How to Talk to Your Partner
about Hiring a Sex Coach
Hiring a sex coach as a couple is a powerful choice, one that signals your willingness to take care of yourself and your relationship.
Yet this intimate and revealing conversation can be difficult for many people, men and women alike.
It’s natural to feel less than courageous in approaching your partner. Fear is normal here as you’re opening up what may be your struggles and desires for more. You may fear hurting your partner or of being judged by them. You name it, this space is ripe for fear.
Fret not. With the help of careful prep-work to build your confidence and courage, this conversation can actually help you grow closer.
Take Jenny, for example, a woman in her late 30s, who came to me because she wanted to stop feeling anxious and withdrawn during sex and feel more pleasure and connection to her husband. Jenny acknowledged right away that she had waited for a long time to seek out a coach because she was ashamed of needing help in an otherwise loving and caring relationship. She was scared to tell her partner that she didn't always enjoy sex for fear of hurting his feelings. Once she worked through her fear of approaching her partner and built up the courage to open up to talk to him, she not only had shared with him what was happening, but that conversation infused more connection that led to them committing to learning about sex and intimacy to grow their relationship.
Our fears highjack our own brains too, making us to find excuses on why not to work with a coach. Many clients tell me that they cannot afford to invest money or take time to work on themselves. I tell them they can't afford not to. Something to consider: What is the cost of staying in a relationship where you cannot fulfill your dreams? What is it worth to you to have the sexual connection with your partner that fulfills and excites you and leaves you feeling connected? When viewed from this angle, the investment in coaching is a pretty good deal.
These conversations may be tough. That's why I've created a process and a worksheet (PDF) to help you navigate this intimate — and important — conversation. I know you can do it!
Access your “why”
When you’re hiring a coach, you’re not actually investing in my services or me. You’re investing in you — yourself, your partner, your relationship. You’re investing into the results you want in your life — results that I can help you with.
Sex has meaning for humans including connection, intimacy, happiness, enjoyment — and these become motivators for expanding your erotic education. Some established couples are investing into reclaiming joy in their relationship that got lost over time. Others are investing at the start of their relationship to create an intimate future for decades to come. Many couples with children are investing into being role-models to their kids with healthy expression of connection, sexuality and affection.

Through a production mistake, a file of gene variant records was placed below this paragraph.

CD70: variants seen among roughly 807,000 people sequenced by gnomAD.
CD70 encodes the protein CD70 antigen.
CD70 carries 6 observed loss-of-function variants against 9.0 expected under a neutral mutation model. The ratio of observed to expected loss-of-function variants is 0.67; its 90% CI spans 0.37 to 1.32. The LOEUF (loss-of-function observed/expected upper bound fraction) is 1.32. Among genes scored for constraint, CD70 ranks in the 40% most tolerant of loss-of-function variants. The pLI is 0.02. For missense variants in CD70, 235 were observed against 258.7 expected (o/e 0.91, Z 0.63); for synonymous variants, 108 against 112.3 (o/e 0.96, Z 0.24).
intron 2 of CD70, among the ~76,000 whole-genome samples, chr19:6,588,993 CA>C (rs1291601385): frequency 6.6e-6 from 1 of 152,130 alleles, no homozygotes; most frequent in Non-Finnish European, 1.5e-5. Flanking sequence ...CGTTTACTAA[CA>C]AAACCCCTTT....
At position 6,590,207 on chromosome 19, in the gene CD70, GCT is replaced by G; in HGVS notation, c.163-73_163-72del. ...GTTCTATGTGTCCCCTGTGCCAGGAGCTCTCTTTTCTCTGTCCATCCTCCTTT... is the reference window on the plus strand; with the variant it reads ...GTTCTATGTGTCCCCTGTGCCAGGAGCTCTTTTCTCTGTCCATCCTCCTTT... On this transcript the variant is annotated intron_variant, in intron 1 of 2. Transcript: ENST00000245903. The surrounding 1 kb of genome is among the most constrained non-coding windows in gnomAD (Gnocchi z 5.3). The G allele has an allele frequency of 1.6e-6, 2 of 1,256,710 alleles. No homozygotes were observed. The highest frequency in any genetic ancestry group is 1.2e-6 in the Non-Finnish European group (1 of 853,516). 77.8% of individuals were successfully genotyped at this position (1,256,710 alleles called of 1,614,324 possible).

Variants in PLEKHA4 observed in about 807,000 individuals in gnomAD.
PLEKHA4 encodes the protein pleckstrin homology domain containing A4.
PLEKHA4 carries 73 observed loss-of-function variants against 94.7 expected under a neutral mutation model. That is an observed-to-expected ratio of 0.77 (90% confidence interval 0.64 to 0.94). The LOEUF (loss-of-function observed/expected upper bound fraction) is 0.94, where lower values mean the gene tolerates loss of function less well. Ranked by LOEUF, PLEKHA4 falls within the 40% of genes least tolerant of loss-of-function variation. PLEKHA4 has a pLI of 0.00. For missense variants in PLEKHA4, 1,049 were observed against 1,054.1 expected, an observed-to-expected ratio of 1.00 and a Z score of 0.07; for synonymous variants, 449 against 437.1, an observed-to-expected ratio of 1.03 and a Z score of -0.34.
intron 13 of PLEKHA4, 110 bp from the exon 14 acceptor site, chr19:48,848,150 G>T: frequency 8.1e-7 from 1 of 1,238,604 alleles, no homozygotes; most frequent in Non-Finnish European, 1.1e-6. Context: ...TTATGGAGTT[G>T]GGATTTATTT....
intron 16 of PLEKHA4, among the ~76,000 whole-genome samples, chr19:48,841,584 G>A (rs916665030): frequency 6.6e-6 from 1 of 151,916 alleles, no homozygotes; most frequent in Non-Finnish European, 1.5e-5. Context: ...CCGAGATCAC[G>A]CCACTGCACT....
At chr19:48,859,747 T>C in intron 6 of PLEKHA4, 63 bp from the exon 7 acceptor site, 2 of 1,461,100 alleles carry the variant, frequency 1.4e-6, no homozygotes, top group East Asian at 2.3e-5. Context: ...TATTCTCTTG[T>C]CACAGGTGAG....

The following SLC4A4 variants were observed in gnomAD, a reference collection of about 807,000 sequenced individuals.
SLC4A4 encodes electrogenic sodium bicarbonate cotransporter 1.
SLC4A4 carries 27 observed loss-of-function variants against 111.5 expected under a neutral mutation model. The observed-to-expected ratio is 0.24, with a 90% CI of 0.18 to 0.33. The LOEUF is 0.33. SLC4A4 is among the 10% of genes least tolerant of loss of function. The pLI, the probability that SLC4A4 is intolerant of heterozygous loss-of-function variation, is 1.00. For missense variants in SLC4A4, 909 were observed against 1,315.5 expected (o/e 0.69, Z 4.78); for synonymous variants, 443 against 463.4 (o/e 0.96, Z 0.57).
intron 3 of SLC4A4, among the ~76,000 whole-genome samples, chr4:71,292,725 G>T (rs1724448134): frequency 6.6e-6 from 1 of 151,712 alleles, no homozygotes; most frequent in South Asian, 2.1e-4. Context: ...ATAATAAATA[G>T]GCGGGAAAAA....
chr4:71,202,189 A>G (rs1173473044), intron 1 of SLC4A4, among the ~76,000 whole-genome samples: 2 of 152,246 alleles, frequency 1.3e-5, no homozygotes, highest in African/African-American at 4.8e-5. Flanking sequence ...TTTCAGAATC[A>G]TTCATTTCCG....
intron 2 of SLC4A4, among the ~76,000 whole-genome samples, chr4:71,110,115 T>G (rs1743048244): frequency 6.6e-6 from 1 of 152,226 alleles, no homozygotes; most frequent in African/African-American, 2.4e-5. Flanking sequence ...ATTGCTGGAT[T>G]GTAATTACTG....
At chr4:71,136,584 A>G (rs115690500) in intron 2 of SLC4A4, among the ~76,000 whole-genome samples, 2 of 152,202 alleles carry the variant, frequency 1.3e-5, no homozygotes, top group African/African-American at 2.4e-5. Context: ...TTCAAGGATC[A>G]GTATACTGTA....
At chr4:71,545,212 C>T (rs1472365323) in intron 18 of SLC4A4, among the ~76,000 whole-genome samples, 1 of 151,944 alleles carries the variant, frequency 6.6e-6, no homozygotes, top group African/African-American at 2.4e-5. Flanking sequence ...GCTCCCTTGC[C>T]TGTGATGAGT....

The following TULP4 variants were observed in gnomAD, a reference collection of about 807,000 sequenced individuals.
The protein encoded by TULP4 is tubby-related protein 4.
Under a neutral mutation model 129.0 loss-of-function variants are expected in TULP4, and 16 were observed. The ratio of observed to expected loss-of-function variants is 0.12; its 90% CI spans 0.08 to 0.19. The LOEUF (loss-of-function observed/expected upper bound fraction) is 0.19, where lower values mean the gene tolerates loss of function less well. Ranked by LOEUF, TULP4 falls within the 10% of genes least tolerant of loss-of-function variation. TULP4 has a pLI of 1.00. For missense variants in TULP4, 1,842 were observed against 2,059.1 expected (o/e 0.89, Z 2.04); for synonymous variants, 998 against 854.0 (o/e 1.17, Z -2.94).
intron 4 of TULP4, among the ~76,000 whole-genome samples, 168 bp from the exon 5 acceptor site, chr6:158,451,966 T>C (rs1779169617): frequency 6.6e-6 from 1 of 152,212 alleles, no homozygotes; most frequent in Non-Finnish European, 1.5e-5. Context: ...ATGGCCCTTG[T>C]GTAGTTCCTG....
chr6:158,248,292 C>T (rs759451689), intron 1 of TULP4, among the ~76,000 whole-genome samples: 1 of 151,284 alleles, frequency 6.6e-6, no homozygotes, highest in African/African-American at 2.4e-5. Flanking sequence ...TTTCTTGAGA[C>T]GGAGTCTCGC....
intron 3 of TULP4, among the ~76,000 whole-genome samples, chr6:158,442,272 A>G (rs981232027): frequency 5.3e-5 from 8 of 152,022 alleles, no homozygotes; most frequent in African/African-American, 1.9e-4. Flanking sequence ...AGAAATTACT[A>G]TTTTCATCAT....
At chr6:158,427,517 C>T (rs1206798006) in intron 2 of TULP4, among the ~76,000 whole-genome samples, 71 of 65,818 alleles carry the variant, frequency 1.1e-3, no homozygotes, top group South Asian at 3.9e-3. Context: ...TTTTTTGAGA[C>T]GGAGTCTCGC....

Which is why it is critical to understand your “why” when you talk to your partner.
What results are you looking to get from working with a coach?
What’s most important to you?
How might your life change for the better for you as a couple?
What is your BIG DREAM for your relationship?
Your partner may not support you spending thousands on "a coach" without getting how this work is important to you and your relationship. But they might feel differently if you share with them that this is going to help you feel more relaxed, connected to them, and help you enjoy sex more. Do you feel the difference already?
Face your fears
Fears have a great way of lurking in the shadows, masquerading themselves as money issues or excuses such as “I don’t have time” or “Work/kids/life is just too busy right now.”
Get to know your fears so that they don’t drive the bus — and remind yourself that you do.
This conversation is an intimate one in nature. There is risk of revealing something about yourself or getting a "no." It's bound to provoke anxiety and discomfort in even the strongest of us.
The more aware you are about your own fears, the less you will be swayed by their unconscious power. Standing up for yourself in uncomfortable or pressured situations is a hallmark of relationship resilience and building intimacy in a long-term relation, and today is a great time to start building this muscle.
Find your non-negotiables
Your non-negotiables are your boundaries, or what you are not willing to do or give up in any situation. These are needs that correspond to what you value the most — about yourself, your body, your relationship. Examples of non-negotiables are expressing love to each other, speaking intimately, compassion, having physical touch, etc. Understanding your non-negotiables helps you know where you need to stand up for what you need and where you can negotiate.
By working through the worksheet, find out what is most important to you and what are you willing to negotiate.
Now you’re ready to have the conversation.
Check with your partner about a good time to talk about this topic.
Set aside dedicated time for this face-to-face conversation. Make it conscious, not a fly-by one while doing the dishes. And definitely not when you're making love.
You might find it useful to tell your partner upfront, before our phone consultation, that you’re exploring this work. Give them time and space to feel into it.